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  • New Postcolonial Dialectics: An Intercultural Comparison of Indian and Nigerian Plays by Sarbani Sen Vengadasalam
  • Satkirti Sinha
NEW POSTCOLONIAL DIALECTICS: AN INTERCULTURAL COMPARISON OF INDIAN AND NIGERIAN PLAYS. By Sarbani Sen Vengadasalam. London: Cambridge Scholar Publication, 2019. 243 pp. Hardcover, $72.00.

In this book, Sarbani Sen Vengadasalam talks about her scholarly investigation on interculturalist philosophy in India and Nigeria before and after their Independence. Her research revolves around the struggle of Indian and Nigerian writers in finding a middle path for achieving a "cultural renaissance" in their respective countries by highlighting the role of interculturalism which neither denies tradition nor rejects western culture. Therefore, as a case study in her book, she presents the theatrical plays written by Rabindranath Tagore (Red Oleanders, 1925), Wole Soyinka (The Lion and Jewel, 1959 and The Road, 1965), and Badal Sircar (Procession, 1983) to examine the efficacy of interculturalism as a critical tool for achieving social amelioration in India and Nigeria at different phases of "culture encounter" during colonial and post-colonial periods. In the initial part of the book, the author states her objective is to cross-examine the above mentioned Indian and Nigerian intercultural plays separately and against each other to verify that "interculturalism as a comparative framework, could be a solution to the problems of comparative theories" (p. 47) and can be used to compare literature and portray social issues on the stage. As a reader of this book, I would agree that the author accomplishes her desired objective because her "investigation on four different intercultural plays confirms" (p. 215) that intercultural analysis could [End Page 590] be used to compare cross-cultural literature as well as act as a bridge for achieving cultural renaissance.

The first chapter, "Colonial Encounter and the Intercultural Dialectic," illuminates the history of colonialism in India and Nigeria. The author explains how culture plays a vital role in determining the identity and character of human beings. She further states that "culture is the ethos of the nation, the character of a country and the spirit of people" (p. 2). After making her reader understand the importance of culture and its role in preserving the integrity of a community, she points out that first thing colonizers did while occupying a superior position in India and Nigeria was to inflict "cultural trauma" and create a "cultural cringe" among the colonized people so that they could be oppressed with their thought process controlled by British government.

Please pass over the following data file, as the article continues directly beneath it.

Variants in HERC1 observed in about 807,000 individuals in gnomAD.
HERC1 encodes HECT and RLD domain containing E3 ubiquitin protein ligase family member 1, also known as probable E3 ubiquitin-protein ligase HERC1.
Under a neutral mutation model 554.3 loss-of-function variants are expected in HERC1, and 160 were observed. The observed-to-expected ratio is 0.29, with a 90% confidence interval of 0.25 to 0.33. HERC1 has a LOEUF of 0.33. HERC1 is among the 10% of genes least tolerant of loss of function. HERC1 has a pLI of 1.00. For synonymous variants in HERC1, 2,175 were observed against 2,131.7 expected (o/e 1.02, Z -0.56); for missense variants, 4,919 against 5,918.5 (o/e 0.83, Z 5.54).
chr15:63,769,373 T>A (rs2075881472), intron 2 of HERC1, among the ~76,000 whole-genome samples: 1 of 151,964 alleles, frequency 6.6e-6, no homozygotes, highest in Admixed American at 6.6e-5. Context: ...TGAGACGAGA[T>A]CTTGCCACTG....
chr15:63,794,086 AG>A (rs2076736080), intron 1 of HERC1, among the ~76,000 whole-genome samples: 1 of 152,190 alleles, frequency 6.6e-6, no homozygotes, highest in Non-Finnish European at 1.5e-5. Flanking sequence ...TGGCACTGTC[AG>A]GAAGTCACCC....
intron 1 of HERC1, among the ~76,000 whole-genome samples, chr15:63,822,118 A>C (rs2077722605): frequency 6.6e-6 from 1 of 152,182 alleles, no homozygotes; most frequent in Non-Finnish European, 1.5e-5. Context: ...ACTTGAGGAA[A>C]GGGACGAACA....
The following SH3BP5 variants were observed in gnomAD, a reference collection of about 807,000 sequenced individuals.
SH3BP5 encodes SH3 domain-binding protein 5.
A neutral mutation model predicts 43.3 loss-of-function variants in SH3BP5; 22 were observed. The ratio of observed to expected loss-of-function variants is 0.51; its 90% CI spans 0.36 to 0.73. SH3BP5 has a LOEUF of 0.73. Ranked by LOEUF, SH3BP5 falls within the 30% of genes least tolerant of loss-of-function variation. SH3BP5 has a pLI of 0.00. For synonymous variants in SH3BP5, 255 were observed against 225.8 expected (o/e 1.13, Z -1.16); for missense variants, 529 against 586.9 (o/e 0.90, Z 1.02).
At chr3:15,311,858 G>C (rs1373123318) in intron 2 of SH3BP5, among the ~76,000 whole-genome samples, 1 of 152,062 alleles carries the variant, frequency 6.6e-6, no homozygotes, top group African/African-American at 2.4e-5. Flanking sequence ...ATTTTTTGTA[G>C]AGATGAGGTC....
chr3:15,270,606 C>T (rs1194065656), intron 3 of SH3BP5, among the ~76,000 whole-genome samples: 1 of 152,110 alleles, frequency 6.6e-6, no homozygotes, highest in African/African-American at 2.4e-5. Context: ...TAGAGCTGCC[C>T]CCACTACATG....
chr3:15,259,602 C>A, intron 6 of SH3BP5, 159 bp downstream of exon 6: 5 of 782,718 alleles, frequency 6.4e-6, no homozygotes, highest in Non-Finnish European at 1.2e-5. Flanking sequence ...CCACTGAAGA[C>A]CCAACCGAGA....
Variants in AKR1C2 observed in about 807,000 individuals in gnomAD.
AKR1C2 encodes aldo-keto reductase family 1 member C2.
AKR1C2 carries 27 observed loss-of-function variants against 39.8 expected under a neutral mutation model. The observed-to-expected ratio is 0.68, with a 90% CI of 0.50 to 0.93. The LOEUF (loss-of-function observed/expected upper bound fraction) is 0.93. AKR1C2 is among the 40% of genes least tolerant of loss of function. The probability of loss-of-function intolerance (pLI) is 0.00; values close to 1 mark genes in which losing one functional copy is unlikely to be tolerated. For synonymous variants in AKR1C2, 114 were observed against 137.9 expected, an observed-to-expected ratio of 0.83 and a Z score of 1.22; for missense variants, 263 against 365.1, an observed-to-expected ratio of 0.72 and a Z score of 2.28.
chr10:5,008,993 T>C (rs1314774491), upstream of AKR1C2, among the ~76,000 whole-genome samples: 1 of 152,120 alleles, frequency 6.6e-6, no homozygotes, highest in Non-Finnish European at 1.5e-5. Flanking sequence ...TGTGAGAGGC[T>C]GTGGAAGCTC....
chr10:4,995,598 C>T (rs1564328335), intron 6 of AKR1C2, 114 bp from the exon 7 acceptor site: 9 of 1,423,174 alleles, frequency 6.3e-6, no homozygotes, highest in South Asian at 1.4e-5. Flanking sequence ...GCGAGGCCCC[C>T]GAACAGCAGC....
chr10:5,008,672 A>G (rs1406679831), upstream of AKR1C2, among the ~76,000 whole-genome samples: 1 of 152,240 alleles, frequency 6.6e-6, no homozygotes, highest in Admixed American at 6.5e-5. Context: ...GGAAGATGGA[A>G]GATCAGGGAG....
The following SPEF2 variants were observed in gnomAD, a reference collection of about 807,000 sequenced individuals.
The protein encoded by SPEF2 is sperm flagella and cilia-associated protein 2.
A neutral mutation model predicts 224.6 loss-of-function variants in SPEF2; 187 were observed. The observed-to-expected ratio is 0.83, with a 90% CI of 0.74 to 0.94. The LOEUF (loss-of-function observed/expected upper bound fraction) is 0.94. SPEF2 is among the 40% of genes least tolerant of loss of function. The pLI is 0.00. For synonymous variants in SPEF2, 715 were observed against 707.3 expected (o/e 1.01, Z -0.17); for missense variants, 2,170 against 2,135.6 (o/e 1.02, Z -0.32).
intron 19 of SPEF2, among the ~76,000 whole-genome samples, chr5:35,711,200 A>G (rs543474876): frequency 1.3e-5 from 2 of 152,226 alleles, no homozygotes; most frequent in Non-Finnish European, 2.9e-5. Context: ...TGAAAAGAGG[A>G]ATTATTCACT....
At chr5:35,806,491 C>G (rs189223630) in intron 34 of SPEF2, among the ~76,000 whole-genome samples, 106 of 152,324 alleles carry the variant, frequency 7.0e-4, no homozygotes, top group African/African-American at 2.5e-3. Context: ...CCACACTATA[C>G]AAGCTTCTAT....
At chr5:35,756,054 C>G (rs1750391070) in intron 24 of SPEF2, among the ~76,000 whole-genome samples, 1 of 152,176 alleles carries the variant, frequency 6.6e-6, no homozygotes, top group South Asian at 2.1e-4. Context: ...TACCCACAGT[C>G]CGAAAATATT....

Vengadasalam is at her best in the first chapter while explaining the role of myths created by colonizers to destroy native culture in India and Nigeria and the creation of an elite class of Indians and Nigerians during the colonial period. As a reader, this part of the book helped me to understand why elites like Tagore during pre-independence and Sircar (and Soyinka both before and after) after independence in India and Nigeria adopted the intercultural model to modernize their societies. I also appreciate the explanation given by the author at the end of the chapter that the "interculturalism model is never outdated" (p. 48), as a result intellectuals like Tagore, Soyinka, and Sircar used intercultural philosophy in their plays.

The second and third chapters are the essence of the book, where the reader sees how British imperialism expanded and denied the native cultures of India and Nigeria during the colonial period. The author illustrates how the colonial government controlled both countries by attacking their culture; the only difference between Indian and Nigerian colonialism was the latter's prior slave history. She further elaborates about nationalist movements that took place in both countries, especially Swadeshi in India and Negritude in Nigeria and how intellectuals like Tagore and Soyinka rejected these movements. Both Tagore and Soyinka believed an east-west synthesis could develop a new pluralistic and a modernized country. Most importantly the detailed analysis of Tagore's Red Oleanders in India and Soyinka's The Lion and Jewel in Nigeria highlights the history of performing arts field during the pre-independence period; such plays presented theatrical shows as a metaphor for social justice and championed intercultural philosophy.

In the next two chapters, the author discusses the issue of neo...


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pp. 590-592
Launched on MUSE
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